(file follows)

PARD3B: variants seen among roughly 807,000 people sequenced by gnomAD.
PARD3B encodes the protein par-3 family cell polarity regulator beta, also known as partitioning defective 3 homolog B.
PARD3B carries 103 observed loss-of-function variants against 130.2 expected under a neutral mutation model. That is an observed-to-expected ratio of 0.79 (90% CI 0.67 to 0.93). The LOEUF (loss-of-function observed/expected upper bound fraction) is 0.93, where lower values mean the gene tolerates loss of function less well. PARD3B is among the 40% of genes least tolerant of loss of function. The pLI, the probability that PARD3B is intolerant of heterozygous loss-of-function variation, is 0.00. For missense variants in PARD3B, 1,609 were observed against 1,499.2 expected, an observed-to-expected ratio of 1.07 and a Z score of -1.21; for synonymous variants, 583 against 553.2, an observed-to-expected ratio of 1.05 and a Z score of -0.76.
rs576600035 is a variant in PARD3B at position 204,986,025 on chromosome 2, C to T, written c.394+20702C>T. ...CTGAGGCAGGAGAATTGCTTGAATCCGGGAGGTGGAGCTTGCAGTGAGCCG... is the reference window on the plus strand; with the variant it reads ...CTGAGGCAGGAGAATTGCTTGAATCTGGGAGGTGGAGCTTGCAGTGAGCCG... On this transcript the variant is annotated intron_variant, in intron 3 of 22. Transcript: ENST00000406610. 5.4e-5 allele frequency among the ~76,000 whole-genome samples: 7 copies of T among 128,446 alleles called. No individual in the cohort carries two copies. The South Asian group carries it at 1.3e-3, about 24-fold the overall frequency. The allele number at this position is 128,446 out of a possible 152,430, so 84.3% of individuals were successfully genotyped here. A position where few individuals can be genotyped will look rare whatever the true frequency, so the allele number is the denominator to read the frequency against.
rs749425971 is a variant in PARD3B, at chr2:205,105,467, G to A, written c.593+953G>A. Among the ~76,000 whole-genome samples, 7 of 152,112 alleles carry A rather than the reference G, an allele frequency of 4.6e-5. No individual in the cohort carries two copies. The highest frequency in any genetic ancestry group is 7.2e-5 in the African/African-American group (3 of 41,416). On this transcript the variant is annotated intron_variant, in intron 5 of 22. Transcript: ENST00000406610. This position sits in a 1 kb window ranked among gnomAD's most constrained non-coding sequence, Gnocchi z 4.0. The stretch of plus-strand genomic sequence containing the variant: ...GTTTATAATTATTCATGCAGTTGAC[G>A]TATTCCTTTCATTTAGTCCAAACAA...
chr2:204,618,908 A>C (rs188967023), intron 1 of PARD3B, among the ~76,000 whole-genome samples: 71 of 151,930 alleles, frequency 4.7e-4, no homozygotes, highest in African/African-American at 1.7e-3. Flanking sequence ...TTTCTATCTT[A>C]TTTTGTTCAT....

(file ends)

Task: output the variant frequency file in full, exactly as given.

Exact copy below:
PARD3B: variants seen among roughly 807,000 people sequenced by gnomAD.
PARD3B encodes the protein par-3 family cell polarity regulator beta, also known as partitioning defective 3 homolog B.
PARD3B carries 103 observed loss-of-function variants against 130.2 expected under a neutral mutation model. That is an observed-to-expected ratio of 0.79 (90% CI 0.67 to 0.93). The LOEUF (loss-of-function observed/expected upper bound fraction) is 0.93, where lower values mean the gene tolerates loss of function less well. PARD3B is among the 40% of genes least tolerant of loss of function. The pLI, the probability that PARD3B is intolerant of heterozygous loss-of-function variation, is 0.00. For missense variants in PARD3B, 1,609 were observed against 1,499.2 expected, an observed-to-expected ratio of 1.07 and a Z score of -1.21; for synonymous variants, 583 against 553.2, an observed-to-expected ratio of 1.05 and a Z score of -0.76.
rs576600035 is a variant in PARD3B at position 204,986,025 on chromosome 2, C to T, written c.394+20702C>T. ...CTGAGGCAGGAGAATTGCTTGAATCCGGGAGGTGGAGCTTGCAGTGAGCCG... is the reference window on the plus strand; with the variant it reads ...CTGAGGCAGGAGAATTGCTTGAATCTGGGAGGTGGAGCTTGCAGTGAGCCG... On this transcript the variant is annotated intron_variant, in intron 3 of 22. Transcript: ENST00000406610. 5.4e-5 allele frequency among the ~76,000 whole-genome samples: 7 copies of T among 128,446 alleles called. No individual in the cohort carries two copies. The South Asian group carries it at 1.3e-3, about 24-fold the overall frequency. The allele number at this position is 128,446 out of a possible 152,430, so 84.3% of individuals were successfully genotyped here. A position where few individuals can be genotyped will look rare whatever the true frequency, so the allele number is the denominator to read the frequency against.
rs749425971 is a variant in PARD3B, at chr2:205,105,467, G to A, written c.593+953G>A. Among the ~76,000 whole-genome samples, 7 of 152,112 alleles carry A rather than the reference G, an allele frequency of 4.6e-5. No individual in the cohort carries two copies. The highest frequency in any genetic ancestry group is 7.2e-5 in the African/African-American group (3 of 41,416). On this transcript the variant is annotated intron_variant, in intron 5 of 22. Transcript: ENST00000406610. This position sits in a 1 kb window ranked among gnomAD's most constrained non-coding sequence, Gnocchi z 4.0. The stretch of plus-strand genomic sequence containing the variant: ...GTTTATAATTATTCATGCAGTTGAC[G>A]TATTCCTTTCATTTAGTCCAAACAA...
chr2:204,618,908 A>C (rs188967023), intron 1 of PARD3B, among the ~76,000 whole-genome samples: 71 of 151,930 alleles, frequency 4.7e-4, no homozygotes, highest in African/African-American at 1.7e-3. Flanking sequence ...TTTCTATCTT[A>C]TTTTGTTCAT....